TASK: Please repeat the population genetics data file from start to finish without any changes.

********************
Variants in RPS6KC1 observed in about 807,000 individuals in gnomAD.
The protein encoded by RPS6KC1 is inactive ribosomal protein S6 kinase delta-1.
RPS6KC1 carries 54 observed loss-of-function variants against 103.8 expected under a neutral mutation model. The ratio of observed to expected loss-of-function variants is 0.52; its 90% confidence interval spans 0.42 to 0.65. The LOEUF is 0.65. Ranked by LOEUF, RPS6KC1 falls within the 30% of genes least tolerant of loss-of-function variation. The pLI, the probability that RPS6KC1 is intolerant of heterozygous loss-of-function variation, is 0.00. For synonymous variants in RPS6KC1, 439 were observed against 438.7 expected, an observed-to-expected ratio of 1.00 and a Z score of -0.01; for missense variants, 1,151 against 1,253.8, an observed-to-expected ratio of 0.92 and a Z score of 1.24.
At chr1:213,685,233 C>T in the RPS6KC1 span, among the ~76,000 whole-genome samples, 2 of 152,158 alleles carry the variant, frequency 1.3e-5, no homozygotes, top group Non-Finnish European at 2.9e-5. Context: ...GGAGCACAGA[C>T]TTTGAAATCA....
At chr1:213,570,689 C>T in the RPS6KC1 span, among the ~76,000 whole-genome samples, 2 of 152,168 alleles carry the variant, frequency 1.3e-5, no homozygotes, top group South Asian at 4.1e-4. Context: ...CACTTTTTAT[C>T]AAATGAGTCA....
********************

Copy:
Variants in RPS6KC1 observed in about 807,000 individuals in gnomAD.
The protein encoded by RPS6KC1 is inactive ribosomal protein S6 kinase delta-1.
RPS6KC1 carries 54 observed loss-of-function variants against 103.8 expected under a neutral mutation model. The ratio of observed to expected loss-of-function variants is 0.52; its 90% confidence interval spans 0.42 to 0.65. The LOEUF is 0.65. Ranked by LOEUF, RPS6KC1 falls within the 30% of genes least tolerant of loss-of-function variation. The pLI, the probability that RPS6KC1 is intolerant of heterozygous loss-of-function variation, is 0.00. For synonymous variants in RPS6KC1, 439 were observed against 438.7 expected, an observed-to-expected ratio of 1.00 and a Z score of -0.01; for missense variants, 1,151 against 1,253.8, an observed-to-expected ratio of 0.92 and a Z score of 1.24.
At chr1:213,685,233 C>T in the RPS6KC1 span, among the ~76,000 whole-genome samples, 2 of 152,158 alleles carry the variant, frequency 1.3e-5, no homozygotes, top group Non-Finnish European at 2.9e-5. Context: ...GGAGCACAGA[C>T]TTTGAAATCA....
At chr1:213,570,689 C>T in the RPS6KC1 span, among the ~76,000 whole-genome samples, 2 of 152,168 alleles carry the variant, frequency 1.3e-5, no homozygotes, top group South Asian at 4.1e-4. Context: ...CACTTTTTAT[C>T]AAATGAGTCA....